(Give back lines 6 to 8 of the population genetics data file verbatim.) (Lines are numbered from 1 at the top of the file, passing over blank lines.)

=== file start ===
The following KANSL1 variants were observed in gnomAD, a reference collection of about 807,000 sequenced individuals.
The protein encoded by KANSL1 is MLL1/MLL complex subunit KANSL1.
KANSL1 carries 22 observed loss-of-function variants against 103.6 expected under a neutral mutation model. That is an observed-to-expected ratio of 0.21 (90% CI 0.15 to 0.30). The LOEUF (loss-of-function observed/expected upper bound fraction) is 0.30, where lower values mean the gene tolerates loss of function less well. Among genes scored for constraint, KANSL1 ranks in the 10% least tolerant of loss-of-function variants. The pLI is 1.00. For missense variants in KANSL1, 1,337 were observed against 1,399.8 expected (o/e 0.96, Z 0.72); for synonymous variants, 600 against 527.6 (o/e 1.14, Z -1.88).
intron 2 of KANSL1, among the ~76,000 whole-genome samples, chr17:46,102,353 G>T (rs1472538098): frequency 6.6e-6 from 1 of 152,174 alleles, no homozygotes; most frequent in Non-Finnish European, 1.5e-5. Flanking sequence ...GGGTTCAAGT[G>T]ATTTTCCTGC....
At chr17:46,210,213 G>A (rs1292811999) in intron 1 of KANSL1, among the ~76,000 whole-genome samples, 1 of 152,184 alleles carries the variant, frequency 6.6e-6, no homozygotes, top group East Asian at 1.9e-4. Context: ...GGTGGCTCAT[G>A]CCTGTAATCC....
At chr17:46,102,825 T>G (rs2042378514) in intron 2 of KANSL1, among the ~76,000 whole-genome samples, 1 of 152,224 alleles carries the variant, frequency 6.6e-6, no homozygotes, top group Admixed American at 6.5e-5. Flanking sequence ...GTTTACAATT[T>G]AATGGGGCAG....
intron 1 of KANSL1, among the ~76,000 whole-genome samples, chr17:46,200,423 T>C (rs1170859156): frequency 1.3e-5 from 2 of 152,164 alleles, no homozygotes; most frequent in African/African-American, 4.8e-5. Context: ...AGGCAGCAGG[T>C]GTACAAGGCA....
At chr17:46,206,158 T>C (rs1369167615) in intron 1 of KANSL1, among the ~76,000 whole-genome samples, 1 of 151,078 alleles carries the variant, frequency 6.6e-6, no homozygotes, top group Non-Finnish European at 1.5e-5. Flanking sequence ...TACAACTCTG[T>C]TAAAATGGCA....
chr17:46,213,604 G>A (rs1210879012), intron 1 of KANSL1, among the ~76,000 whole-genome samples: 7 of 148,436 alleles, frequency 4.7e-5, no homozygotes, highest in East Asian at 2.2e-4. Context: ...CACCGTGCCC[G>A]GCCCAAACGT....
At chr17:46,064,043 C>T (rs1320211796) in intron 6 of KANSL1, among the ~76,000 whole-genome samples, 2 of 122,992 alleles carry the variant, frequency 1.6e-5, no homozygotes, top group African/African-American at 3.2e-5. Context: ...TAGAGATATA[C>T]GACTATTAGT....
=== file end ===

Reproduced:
At chr17:46,102,825 T>G (rs2042378514) in intron 2 of KANSL1, among the ~76,000 whole-genome samples, 1 of 152,224 alleles carries the variant, frequency 6.6e-6, no homozygotes, top group Admixed American at 6.5e-5. Flanking sequence ...GTTTACAATT[T>G]AATGGGGCAG....
intron 1 of KANSL1, among the ~76,000 whole-genome samples, chr17:46,200,423 T>C (rs1170859156): frequency 1.3e-5 from 2 of 152,164 alleles, no homozygotes; most frequent in African/African-American, 4.8e-5. Context: ...AGGCAGCAGG[T>C]GTACAAGGCA....
At chr17:46,206,158 T>C (rs1369167615) in intron 1 of KANSL1, among the ~76,000 whole-genome samples, 1 of 151,078 alleles carries the variant, frequency 6.6e-6, no homozygotes, top group Non-Finnish European at 1.5e-5. Flanking sequence ...TACAACTCTG[T>C]TAAAATGGCA....